Astute advice Featured

7:00pm EDT January 26, 2009

One of the most important relationships that any business will establish is the one it forges with its accounting firm. Often, however, CPAs are underutilized. CPAs offer much more than tax preparation. They can provide expert advice in a number of areas, including estate planning, wealth transfer strategies, and mergers and acquisitions.

“There are many ways that clients can benefit by utilizing their CPA as a business adviser,” says Shreedhar Kothari, vice president of Gumbiner Savett Inc.

Smart Business spoke with Kothari about what types of services a quality CPA brings to the table, how a company should go about finding a suitable CPA and the importance of establishing a long-term relationship with one’s accountant.

Why is it important to consult with one’s CPA before making financial decisions?

Business owners’ financial decisions may affect their banking relationship, their credit facilities, and their corporate, personal or estate income taxes. Financial decisions have a far-reaching effect on both the company and its owners. I would rather have my client call 10 times a day rather than six months later. This gives me the time to plan and strategize before it is too late. It is vital that they pick up the phone and call their CPA before they make important financial decisions.

In what ways can a business benefit from utilizing its CPA as a business adviser?

CPAs are an important piece of the puzzle. They have access to the client’s business and personal information and are in the best position to interpret numbers and analyze them. A qualified CPA brings unique insights that help clients understand the numbers and aids in the decision-making process. I tell my clients to look beyond the financial statements and tax preparation so they can utilize our full potential to their benefit.

What types of services should a quality CPA bring to the table?

A quality CPA should understand the nature of his or her clients’ business and their needs. We handle a variety of businesses and have intimate knowledge of how businesses operate. A CPA should be a trusted adviser — clients should feel comfortable sharing their business concerns with their CPAs and look to them for advice. Apart from preparing financial statements and tax returns, we can help clients with their estate planning, wealth transfer strategies, buy-sell agreements, and mergers/acquisitions, identifying weaknesses in internal controls and ways to overcome them. Most importantly, a CPA should have the guts to tell clients if they are wrong and hold the line if necessary in interest of the business’s long-term success.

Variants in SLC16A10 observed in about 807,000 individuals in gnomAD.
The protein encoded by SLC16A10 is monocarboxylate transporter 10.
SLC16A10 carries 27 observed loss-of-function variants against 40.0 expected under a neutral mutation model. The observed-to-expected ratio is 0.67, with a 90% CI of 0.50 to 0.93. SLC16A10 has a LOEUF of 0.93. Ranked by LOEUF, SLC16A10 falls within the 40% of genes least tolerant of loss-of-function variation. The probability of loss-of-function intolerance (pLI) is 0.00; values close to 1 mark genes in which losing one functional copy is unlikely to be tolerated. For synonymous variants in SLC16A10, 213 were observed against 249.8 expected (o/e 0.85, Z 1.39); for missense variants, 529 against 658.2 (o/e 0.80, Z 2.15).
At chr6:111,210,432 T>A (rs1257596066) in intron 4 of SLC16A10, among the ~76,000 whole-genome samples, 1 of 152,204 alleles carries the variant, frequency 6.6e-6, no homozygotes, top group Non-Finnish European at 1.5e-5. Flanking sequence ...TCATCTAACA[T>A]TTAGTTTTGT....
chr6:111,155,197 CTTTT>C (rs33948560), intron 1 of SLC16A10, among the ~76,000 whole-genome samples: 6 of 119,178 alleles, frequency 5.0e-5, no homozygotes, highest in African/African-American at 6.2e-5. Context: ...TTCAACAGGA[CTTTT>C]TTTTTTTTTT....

How should a company go about locating a CPA that understands its needs?

Companies should be very careful in choosing a CPA; the relationship with one’s CPA should be a long-term relationship. It is important to look at your needs five to seven years from now rather than just your needs today. Will your CPA be able to handle your business’s needs when it has grown manifold? I have seen many instances where a new business just getting off the ground hires a small accounting firm. This works for a while, but when the business grows, it outgrows the accounting expertise and resources it is being serviced with. These businesses don’t know what they are missing; they don’t know what could be done with their businesses to get the maximum financial benefit. It is important to make sure that you aren’t missing out on anything.

Pricing is important when making a selection, but that should not be the only factor. Other factors that should be considered include quality of service and timeliness. Business owners are experts at what they do, but rely heavily on their CPA to advise them when it comes to their financing and taxes. Make sure that your CPA has the resources and expertise to handle your business.

How often should business owners meet with their CPA?

I like to meet my clients at least two to three times a year. Most of my meetings are at their offices or their warehouse or their manufacturing facility, because I like to get firsthand knowledge of how their business operates and talk to management. This puts me in a better position to understand a company’s needs and offer my solutions.

There is no magic number on how often one should meet with an accountant. I would say as often as necessary. I meet with some clients two times a month and others a couple of times a year. It depends on what their needs are.

SHREEDHAR KOTHARI is vice president of Gumbiner Savett Inc. Reach him at (310) 828-9798 or skothari@gscpa.com.